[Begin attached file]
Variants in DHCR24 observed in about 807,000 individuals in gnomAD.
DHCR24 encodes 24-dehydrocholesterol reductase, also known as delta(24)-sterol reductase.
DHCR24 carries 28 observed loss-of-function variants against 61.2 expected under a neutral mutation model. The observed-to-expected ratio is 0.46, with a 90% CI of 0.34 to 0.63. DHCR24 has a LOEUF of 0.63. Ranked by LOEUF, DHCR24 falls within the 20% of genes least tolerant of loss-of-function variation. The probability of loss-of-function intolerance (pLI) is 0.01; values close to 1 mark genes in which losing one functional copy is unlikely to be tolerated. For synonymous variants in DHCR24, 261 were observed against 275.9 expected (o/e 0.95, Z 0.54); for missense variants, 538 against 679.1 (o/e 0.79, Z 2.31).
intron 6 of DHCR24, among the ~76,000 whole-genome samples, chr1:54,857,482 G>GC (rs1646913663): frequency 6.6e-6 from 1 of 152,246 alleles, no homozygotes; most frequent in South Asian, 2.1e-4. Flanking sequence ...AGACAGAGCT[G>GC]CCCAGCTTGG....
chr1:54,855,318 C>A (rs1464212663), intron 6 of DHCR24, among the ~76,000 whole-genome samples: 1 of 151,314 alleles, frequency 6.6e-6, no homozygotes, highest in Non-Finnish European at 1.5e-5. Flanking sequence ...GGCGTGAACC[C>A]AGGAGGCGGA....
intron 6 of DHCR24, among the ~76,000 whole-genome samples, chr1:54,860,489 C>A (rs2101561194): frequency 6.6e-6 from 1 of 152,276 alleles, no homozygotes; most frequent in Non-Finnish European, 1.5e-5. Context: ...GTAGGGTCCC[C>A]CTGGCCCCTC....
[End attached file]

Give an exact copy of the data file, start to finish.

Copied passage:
Variants in DHCR24 observed in about 807,000 individuals in gnomAD.
DHCR24 encodes 24-dehydrocholesterol reductase, also known as delta(24)-sterol reductase.
DHCR24 carries 28 observed loss-of-function variants against 61.2 expected under a neutral mutation model. The observed-to-expected ratio is 0.46, with a 90% CI of 0.34 to 0.63. DHCR24 has a LOEUF of 0.63. Ranked by LOEUF, DHCR24 falls within the 20% of genes least tolerant of loss-of-function variation. The probability of loss-of-function intolerance (pLI) is 0.01; values close to 1 mark genes in which losing one functional copy is unlikely to be tolerated. For synonymous variants in DHCR24, 261 were observed against 275.9 expected (o/e 0.95, Z 0.54); for missense variants, 538 against 679.1 (o/e 0.79, Z 2.31).
intron 6 of DHCR24, among the ~76,000 whole-genome samples, chr1:54,857,482 G>GC (rs1646913663): frequency 6.6e-6 from 1 of 152,246 alleles, no homozygotes; most frequent in South Asian, 2.1e-4. Flanking sequence ...AGACAGAGCT[G>GC]CCCAGCTTGG....
chr1:54,855,318 C>A (rs1464212663), intron 6 of DHCR24, among the ~76,000 whole-genome samples: 1 of 151,314 alleles, frequency 6.6e-6, no homozygotes, highest in Non-Finnish European at 1.5e-5. Flanking sequence ...GGCGTGAACC[C>A]AGGAGGCGGA....
intron 6 of DHCR24, among the ~76,000 whole-genome samples, chr1:54,860,489 C>A (rs2101561194): frequency 6.6e-6 from 1 of 152,276 alleles, no homozygotes; most frequent in Non-Finnish European, 1.5e-5. Context: ...GTAGGGTCCC[C>A]CTGGCCCCTC....